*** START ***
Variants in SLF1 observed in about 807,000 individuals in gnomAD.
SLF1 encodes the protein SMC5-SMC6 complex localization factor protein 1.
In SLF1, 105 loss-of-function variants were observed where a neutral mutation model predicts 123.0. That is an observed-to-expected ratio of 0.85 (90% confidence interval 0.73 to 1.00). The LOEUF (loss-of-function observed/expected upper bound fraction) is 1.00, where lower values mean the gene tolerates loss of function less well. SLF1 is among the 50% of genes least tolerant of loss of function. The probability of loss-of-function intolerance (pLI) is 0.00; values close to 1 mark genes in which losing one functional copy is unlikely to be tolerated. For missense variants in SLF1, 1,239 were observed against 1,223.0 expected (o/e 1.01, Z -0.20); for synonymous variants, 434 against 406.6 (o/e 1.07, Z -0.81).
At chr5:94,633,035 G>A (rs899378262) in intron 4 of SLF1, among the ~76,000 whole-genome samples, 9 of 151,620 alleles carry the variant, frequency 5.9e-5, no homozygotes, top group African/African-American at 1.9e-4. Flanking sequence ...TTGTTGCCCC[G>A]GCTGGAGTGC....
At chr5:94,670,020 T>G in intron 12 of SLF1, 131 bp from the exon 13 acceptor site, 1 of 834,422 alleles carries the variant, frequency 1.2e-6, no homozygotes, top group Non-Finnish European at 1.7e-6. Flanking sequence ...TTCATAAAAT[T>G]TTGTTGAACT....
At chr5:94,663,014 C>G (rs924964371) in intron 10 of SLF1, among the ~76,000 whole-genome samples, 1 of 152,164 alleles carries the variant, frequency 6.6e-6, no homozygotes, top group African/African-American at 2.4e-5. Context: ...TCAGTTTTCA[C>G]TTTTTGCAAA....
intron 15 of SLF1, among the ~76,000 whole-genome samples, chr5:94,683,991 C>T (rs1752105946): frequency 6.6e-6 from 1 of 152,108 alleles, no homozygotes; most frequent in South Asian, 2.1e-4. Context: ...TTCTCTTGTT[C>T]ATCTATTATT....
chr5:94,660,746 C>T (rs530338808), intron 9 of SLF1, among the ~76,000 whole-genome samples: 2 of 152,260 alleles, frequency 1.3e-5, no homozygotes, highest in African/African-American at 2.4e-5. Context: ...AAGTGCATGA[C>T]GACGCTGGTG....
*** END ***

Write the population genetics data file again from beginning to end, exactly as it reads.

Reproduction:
Variants in SLF1 observed in about 807,000 individuals in gnomAD.
SLF1 encodes the protein SMC5-SMC6 complex localization factor protein 1.
In SLF1, 105 loss-of-function variants were observed where a neutral mutation model predicts 123.0. That is an observed-to-expected ratio of 0.85 (90% confidence interval 0.73 to 1.00). The LOEUF (loss-of-function observed/expected upper bound fraction) is 1.00, where lower values mean the gene tolerates loss of function less well. SLF1 is among the 50% of genes least tolerant of loss of function. The probability of loss-of-function intolerance (pLI) is 0.00; values close to 1 mark genes in which losing one functional copy is unlikely to be tolerated. For missense variants in SLF1, 1,239 were observed against 1,223.0 expected (o/e 1.01, Z -0.20); for synonymous variants, 434 against 406.6 (o/e 1.07, Z -0.81).
At chr5:94,633,035 G>A (rs899378262) in intron 4 of SLF1, among the ~76,000 whole-genome samples, 9 of 151,620 alleles carry the variant, frequency 5.9e-5, no homozygotes, top group African/African-American at 1.9e-4. Flanking sequence ...TTGTTGCCCC[G>A]GCTGGAGTGC....
At chr5:94,670,020 T>G in intron 12 of SLF1, 131 bp from the exon 13 acceptor site, 1 of 834,422 alleles carries the variant, frequency 1.2e-6, no homozygotes, top group Non-Finnish European at 1.7e-6. Flanking sequence ...TTCATAAAAT[T>G]TTGTTGAACT....
At chr5:94,663,014 C>G (rs924964371) in intron 10 of SLF1, among the ~76,000 whole-genome samples, 1 of 152,164 alleles carries the variant, frequency 6.6e-6, no homozygotes, top group African/African-American at 2.4e-5. Context: ...TCAGTTTTCA[C>G]TTTTTGCAAA....
intron 15 of SLF1, among the ~76,000 whole-genome samples, chr5:94,683,991 C>T (rs1752105946): frequency 6.6e-6 from 1 of 152,108 alleles, no homozygotes; most frequent in South Asian, 2.1e-4. Context: ...TTCTCTTGTT[C>T]ATCTATTATT....
chr5:94,660,746 C>T (rs530338808), intron 9 of SLF1, among the ~76,000 whole-genome samples: 2 of 152,260 alleles, frequency 1.3e-5, no homozygotes, highest in African/African-American at 2.4e-5. Context: ...AAGTGCATGA[C>T]GACGCTGGTG....